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Monday, January 31, 2005

Pickoff Moves

I Want My MLB TV

... but in the lapse of the regular season, all I have is the Caribbean World Series -- which of course is on Fox En Español, which I do not get. And the radio broadcasts, of course, are on KHJ, which we cannot understand. Now, you'd think, given the hockey strike, that some of the sports channels might be looking for content they could repackage. And with so many Latin players in these games who also play in the North American majors, you'd think they could get some English speaking broadcaster down there ... but I'm dreaming. The NHL would fight it, and MLB wouldn't want to encourage its star players to engage in potentially damaging winter league ball.

15 days until pitchers and catchers report.

Dodgers End Voluntary Seismic Refit

Steve Henson reports that the Dodgers have terminated a quiet, voluntary seismic refit done under News Corp. The $16M refit, which started in 1999, "is not necessary", according to Dodger Vice President Howard Sunkin. The retrofit was started after new studies in 1998 identified a pair of faults running under Dodger Stadium. The stadium sits atop bedrock, making it safer than some nearby buildings downtown.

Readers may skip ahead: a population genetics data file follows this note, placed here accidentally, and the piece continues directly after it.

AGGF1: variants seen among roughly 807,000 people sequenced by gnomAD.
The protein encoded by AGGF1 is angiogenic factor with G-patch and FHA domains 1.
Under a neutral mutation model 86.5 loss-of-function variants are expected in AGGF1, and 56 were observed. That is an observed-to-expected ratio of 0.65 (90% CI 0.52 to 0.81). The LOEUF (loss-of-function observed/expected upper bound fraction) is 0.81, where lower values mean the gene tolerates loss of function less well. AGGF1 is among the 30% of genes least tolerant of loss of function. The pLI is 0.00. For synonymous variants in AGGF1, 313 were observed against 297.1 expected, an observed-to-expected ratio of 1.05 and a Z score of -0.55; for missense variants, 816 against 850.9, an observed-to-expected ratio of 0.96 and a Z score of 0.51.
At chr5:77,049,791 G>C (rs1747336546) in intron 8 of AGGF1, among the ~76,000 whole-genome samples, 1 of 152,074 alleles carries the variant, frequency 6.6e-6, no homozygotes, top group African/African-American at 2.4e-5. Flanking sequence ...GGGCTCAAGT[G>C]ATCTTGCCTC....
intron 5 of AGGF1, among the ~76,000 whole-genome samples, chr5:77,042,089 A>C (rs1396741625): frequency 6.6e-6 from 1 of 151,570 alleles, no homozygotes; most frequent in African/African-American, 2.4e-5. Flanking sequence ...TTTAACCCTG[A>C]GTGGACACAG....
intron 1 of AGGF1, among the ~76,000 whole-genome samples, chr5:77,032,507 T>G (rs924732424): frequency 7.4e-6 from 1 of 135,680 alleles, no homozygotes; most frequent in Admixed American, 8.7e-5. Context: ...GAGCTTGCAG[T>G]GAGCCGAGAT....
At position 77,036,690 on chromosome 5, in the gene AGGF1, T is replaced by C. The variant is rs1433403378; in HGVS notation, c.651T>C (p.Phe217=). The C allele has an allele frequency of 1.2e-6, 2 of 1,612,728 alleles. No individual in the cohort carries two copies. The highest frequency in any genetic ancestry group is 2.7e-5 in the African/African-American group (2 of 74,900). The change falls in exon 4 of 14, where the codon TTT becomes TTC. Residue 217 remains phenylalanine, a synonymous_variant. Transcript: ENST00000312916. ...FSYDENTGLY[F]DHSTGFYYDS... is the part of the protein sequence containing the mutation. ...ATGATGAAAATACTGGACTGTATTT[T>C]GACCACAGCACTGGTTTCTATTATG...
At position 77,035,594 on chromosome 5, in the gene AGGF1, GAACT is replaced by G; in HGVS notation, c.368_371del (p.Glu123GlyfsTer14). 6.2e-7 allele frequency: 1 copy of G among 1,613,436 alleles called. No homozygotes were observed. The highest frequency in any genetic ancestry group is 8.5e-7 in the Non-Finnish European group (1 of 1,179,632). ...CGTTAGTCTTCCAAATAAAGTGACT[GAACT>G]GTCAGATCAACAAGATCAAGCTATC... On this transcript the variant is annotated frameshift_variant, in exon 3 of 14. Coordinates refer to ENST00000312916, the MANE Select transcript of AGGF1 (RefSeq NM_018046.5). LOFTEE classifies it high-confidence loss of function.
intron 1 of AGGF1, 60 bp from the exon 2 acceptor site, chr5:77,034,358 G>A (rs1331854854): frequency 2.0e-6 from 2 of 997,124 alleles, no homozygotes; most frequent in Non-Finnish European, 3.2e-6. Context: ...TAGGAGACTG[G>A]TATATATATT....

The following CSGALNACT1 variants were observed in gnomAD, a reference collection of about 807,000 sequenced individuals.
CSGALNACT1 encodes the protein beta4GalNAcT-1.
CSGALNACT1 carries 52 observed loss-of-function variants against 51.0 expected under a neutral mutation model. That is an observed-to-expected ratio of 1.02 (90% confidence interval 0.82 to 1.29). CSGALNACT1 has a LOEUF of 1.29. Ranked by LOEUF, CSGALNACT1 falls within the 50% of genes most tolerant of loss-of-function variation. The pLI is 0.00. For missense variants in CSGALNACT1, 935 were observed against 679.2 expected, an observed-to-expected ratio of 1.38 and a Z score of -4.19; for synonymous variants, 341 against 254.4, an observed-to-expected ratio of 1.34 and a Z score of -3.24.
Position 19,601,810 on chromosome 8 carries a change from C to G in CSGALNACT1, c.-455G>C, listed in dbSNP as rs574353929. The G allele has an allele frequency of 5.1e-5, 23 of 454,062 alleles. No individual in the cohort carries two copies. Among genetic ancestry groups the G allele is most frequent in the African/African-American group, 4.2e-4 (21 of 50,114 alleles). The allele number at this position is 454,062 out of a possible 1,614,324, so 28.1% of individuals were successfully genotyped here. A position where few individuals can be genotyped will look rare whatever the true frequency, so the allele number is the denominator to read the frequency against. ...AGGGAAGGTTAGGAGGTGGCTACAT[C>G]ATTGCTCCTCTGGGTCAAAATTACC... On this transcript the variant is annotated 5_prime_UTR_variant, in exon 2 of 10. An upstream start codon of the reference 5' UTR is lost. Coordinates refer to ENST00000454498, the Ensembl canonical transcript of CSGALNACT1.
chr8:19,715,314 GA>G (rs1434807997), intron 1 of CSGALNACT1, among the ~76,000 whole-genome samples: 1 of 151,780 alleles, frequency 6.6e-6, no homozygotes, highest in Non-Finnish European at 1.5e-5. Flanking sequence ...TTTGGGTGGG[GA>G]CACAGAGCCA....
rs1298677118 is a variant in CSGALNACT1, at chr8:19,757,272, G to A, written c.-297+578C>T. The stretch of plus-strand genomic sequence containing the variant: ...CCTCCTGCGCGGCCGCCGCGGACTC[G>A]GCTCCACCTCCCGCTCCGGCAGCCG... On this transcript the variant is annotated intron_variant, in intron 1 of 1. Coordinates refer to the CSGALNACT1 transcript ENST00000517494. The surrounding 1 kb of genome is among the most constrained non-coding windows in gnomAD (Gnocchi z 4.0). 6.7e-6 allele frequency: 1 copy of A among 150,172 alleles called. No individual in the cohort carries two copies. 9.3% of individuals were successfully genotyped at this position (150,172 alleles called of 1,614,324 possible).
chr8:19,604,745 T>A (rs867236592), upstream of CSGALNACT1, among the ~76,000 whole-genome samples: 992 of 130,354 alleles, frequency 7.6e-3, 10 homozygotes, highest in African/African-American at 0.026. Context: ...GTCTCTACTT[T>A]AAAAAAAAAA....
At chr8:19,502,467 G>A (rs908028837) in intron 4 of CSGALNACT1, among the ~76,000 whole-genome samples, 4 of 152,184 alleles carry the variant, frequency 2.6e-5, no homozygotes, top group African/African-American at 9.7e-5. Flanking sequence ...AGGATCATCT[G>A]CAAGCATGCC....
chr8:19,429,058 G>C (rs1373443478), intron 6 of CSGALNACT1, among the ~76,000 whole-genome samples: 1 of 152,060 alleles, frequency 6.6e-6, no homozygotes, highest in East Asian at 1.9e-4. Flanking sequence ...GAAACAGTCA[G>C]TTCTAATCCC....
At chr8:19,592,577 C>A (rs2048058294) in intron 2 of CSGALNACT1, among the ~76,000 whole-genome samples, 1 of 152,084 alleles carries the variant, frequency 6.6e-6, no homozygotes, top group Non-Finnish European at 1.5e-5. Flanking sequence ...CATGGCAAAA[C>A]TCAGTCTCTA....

Dodgers Win Nakamura Negotiation Rights

The Dodgers have won negotiation rights to Japanese 3B Norihiro Nakamura. Bob Timmerman in the comments section of Jon's column on Nakamura said the Buffaloes' home park is very hitter-friendly, but this three-year-old Baseball Prospectus column has it as being neutral to very pitcher-friendly in 2000-2001. " Nakamura, 31, is expected to be offered a minor league contract with a guaranteed salary if he makes the Dodgers."

Some Love For Ross Porter

Best Southern California Radio Play-by-Play man:
For now, it won't include the Dodgers, not even for a night. They have asked if he would come to a game, where they would honor his 28 years with them. Porter shook his head slowly. No noise. No spotlight.

"I really think we're past that," he said. "I wouldn't feel comfortable doing that. That's over. We will just go on."

Doug Miller Twists The Knife

What ever happened to the Angels first-round pick in 2003, Brandon Wood? Is he still with the organization? -- Steve C., Arizona